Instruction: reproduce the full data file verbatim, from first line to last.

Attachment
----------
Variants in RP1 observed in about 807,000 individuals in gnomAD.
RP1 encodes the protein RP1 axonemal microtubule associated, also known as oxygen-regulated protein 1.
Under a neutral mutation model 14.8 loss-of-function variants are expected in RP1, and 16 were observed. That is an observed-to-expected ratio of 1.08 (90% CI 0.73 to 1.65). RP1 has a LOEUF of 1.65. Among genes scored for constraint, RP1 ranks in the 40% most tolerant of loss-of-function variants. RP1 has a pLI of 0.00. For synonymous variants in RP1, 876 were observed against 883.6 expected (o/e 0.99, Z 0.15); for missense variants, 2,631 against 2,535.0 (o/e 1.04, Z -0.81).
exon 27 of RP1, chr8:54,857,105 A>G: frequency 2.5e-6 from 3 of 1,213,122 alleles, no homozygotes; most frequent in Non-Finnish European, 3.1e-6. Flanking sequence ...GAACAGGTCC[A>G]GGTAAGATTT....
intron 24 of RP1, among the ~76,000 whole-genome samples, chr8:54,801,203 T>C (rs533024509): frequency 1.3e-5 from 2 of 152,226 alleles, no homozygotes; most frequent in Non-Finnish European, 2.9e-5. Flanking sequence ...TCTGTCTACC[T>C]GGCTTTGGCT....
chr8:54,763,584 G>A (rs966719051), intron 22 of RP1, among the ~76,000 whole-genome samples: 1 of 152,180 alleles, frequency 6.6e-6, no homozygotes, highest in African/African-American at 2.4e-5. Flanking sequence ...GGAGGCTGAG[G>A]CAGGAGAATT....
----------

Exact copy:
Variants in RP1 observed in about 807,000 individuals in gnomAD.
RP1 encodes the protein RP1 axonemal microtubule associated, also known as oxygen-regulated protein 1.
Under a neutral mutation model 14.8 loss-of-function variants are expected in RP1, and 16 were observed. That is an observed-to-expected ratio of 1.08 (90% CI 0.73 to 1.65). RP1 has a LOEUF of 1.65. Among genes scored for constraint, RP1 ranks in the 40% most tolerant of loss-of-function variants. RP1 has a pLI of 0.00. For synonymous variants in RP1, 876 were observed against 883.6 expected (o/e 0.99, Z 0.15); for missense variants, 2,631 against 2,535.0 (o/e 1.04, Z -0.81).
exon 27 of RP1, chr8:54,857,105 A>G: frequency 2.5e-6 from 3 of 1,213,122 alleles, no homozygotes; most frequent in Non-Finnish European, 3.1e-6. Flanking sequence ...GAACAGGTCC[A>G]GGTAAGATTT....
intron 24 of RP1, among the ~76,000 whole-genome samples, chr8:54,801,203 T>C (rs533024509): frequency 1.3e-5 from 2 of 152,226 alleles, no homozygotes; most frequent in Non-Finnish European, 2.9e-5. Flanking sequence ...TCTGTCTACC[T>C]GGCTTTGGCT....
chr8:54,763,584 G>A (rs966719051), intron 22 of RP1, among the ~76,000 whole-genome samples: 1 of 152,180 alleles, frequency 6.6e-6, no homozygotes, highest in African/African-American at 2.4e-5. Flanking sequence ...GGAGGCTGAG[G>A]CAGGAGAATT....